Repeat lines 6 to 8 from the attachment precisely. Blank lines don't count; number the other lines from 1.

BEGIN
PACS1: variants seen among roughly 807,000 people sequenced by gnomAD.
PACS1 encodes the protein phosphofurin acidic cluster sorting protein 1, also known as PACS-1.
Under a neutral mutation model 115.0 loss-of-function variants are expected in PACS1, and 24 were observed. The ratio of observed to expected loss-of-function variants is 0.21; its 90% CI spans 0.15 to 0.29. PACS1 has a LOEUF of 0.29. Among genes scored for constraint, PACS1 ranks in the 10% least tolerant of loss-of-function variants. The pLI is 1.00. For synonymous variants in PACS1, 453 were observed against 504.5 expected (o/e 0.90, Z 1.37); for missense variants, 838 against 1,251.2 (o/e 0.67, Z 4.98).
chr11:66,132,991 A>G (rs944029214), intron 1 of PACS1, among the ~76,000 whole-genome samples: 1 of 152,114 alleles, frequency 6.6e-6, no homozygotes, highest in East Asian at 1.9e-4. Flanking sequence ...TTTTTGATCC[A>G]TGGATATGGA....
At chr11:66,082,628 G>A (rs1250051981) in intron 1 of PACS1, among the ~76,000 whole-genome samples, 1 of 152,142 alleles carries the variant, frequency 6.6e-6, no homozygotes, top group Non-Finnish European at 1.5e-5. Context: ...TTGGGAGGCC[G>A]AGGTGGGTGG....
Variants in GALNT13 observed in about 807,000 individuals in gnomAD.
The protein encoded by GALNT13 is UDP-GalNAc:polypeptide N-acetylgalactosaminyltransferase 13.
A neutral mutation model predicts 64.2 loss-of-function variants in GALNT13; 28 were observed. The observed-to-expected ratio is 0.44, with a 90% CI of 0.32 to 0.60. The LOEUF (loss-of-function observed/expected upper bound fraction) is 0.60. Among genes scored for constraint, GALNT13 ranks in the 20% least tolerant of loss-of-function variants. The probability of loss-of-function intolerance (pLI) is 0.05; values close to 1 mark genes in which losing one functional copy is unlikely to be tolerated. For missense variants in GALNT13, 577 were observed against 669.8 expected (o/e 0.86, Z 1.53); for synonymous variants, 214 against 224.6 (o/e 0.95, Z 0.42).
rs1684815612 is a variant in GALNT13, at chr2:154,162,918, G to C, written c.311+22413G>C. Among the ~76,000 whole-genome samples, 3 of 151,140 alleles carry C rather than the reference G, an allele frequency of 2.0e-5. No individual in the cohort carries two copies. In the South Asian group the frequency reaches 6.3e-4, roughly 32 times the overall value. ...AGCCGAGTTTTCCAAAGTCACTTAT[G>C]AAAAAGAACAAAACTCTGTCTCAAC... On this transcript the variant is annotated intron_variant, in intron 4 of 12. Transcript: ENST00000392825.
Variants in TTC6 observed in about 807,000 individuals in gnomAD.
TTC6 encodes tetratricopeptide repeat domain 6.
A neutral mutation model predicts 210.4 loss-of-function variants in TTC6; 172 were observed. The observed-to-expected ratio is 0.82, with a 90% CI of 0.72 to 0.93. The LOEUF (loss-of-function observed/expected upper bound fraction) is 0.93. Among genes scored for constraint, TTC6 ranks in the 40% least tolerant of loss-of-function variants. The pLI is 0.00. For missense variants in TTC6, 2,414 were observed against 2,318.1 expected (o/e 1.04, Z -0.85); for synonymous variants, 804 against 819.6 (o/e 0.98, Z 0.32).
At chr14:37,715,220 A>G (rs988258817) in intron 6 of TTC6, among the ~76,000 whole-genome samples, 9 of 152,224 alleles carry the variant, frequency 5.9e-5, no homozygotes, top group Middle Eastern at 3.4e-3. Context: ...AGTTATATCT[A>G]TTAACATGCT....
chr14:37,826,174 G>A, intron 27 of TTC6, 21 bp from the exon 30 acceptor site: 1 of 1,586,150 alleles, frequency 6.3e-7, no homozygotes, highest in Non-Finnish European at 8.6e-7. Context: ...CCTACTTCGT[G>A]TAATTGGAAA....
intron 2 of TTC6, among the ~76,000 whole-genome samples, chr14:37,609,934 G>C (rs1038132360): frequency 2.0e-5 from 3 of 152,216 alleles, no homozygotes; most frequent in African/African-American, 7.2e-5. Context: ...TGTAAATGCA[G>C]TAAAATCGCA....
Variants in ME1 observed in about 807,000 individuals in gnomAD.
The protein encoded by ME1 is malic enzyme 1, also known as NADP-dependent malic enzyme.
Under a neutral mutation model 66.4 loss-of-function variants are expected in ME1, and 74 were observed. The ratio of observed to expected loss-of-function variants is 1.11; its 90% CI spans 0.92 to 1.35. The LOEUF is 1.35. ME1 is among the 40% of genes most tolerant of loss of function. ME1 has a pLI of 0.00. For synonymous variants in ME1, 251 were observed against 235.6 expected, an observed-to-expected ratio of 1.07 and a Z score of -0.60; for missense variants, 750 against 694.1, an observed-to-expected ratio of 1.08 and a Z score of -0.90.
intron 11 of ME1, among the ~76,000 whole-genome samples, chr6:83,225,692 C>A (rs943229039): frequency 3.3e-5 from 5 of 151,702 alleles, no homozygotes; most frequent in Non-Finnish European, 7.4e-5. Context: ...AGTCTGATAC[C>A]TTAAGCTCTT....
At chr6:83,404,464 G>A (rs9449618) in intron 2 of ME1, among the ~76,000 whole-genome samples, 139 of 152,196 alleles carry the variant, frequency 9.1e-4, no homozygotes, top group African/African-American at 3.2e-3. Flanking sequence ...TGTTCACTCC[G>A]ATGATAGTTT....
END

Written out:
Variants in GALNT13 observed in about 807,000 individuals in gnomAD.
The protein encoded by GALNT13 is UDP-GalNAc:polypeptide N-acetylgalactosaminyltransferase 13.
A neutral mutation model predicts 64.2 loss-of-function variants in GALNT13; 28 were observed. The observed-to-expected ratio is 0.44, with a 90% CI of 0.32 to 0.60. The LOEUF (loss-of-function observed/expected upper bound fraction) is 0.60. Among genes scored for constraint, GALNT13 ranks in the 20% least tolerant of loss-of-function variants. The probability of loss-of-function intolerance (pLI) is 0.05; values close to 1 mark genes in which losing one functional copy is unlikely to be tolerated. For missense variants in GALNT13, 577 were observed against 669.8 expected (o/e 0.86, Z 1.53); for synonymous variants, 214 against 224.6 (o/e 0.95, Z 0.42).